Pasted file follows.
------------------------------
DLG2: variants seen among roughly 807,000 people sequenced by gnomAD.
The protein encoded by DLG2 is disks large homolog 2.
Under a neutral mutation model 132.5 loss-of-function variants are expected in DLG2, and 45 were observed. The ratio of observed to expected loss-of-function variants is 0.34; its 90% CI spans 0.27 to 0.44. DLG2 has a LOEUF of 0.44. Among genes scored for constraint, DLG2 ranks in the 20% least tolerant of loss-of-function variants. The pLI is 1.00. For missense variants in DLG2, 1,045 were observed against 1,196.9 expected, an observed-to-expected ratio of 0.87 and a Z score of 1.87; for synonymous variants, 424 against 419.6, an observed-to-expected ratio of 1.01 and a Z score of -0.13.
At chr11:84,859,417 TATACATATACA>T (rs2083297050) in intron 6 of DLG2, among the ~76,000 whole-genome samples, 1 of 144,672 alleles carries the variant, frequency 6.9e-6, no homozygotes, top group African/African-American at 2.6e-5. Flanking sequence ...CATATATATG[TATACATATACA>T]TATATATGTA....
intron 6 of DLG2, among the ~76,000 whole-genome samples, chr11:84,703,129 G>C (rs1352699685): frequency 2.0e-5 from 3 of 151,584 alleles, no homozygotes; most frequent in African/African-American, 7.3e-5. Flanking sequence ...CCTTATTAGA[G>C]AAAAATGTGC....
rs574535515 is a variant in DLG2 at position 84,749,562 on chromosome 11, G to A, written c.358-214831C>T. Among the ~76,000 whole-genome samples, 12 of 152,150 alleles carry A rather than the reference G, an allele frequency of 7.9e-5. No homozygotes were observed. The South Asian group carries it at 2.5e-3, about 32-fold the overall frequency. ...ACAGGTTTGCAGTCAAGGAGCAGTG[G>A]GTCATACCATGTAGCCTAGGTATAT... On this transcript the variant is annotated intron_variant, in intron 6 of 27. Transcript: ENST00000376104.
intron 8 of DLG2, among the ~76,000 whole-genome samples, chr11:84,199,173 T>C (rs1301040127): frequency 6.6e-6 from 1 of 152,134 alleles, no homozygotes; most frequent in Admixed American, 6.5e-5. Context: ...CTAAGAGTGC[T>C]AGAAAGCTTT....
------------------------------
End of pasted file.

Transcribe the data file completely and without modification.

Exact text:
DLG2: variants seen among roughly 807,000 people sequenced by gnomAD.
The protein encoded by DLG2 is disks large homolog 2.
Under a neutral mutation model 132.5 loss-of-function variants are expected in DLG2, and 45 were observed. The ratio of observed to expected loss-of-function variants is 0.34; its 90% CI spans 0.27 to 0.44. DLG2 has a LOEUF of 0.44. Among genes scored for constraint, DLG2 ranks in the 20% least tolerant of loss-of-function variants. The pLI is 1.00. For missense variants in DLG2, 1,045 were observed against 1,196.9 expected, an observed-to-expected ratio of 0.87 and a Z score of 1.87; for synonymous variants, 424 against 419.6, an observed-to-expected ratio of 1.01 and a Z score of -0.13.
At chr11:84,859,417 TATACATATACA>T (rs2083297050) in intron 6 of DLG2, among the ~76,000 whole-genome samples, 1 of 144,672 alleles carries the variant, frequency 6.9e-6, no homozygotes, top group African/African-American at 2.6e-5. Flanking sequence ...CATATATATG[TATACATATACA>T]TATATATGTA....
intron 6 of DLG2, among the ~76,000 whole-genome samples, chr11:84,703,129 G>C (rs1352699685): frequency 2.0e-5 from 3 of 151,584 alleles, no homozygotes; most frequent in African/African-American, 7.3e-5. Flanking sequence ...CCTTATTAGA[G>C]AAAAATGTGC....
rs574535515 is a variant in DLG2 at position 84,749,562 on chromosome 11, G to A, written c.358-214831C>T. Among the ~76,000 whole-genome samples, 12 of 152,150 alleles carry A rather than the reference G, an allele frequency of 7.9e-5. No homozygotes were observed. The South Asian group carries it at 2.5e-3, about 32-fold the overall frequency. ...ACAGGTTTGCAGTCAAGGAGCAGTG[G>A]GTCATACCATGTAGCCTAGGTATAT... On this transcript the variant is annotated intron_variant, in intron 6 of 27. Transcript: ENST00000376104.
intron 8 of DLG2, among the ~76,000 whole-genome samples, chr11:84,199,173 T>C (rs1301040127): frequency 6.6e-6 from 1 of 152,134 alleles, no homozygotes; most frequent in Admixed American, 6.5e-5. Context: ...CTAAGAGTGC[T>C]AGAAAGCTTT....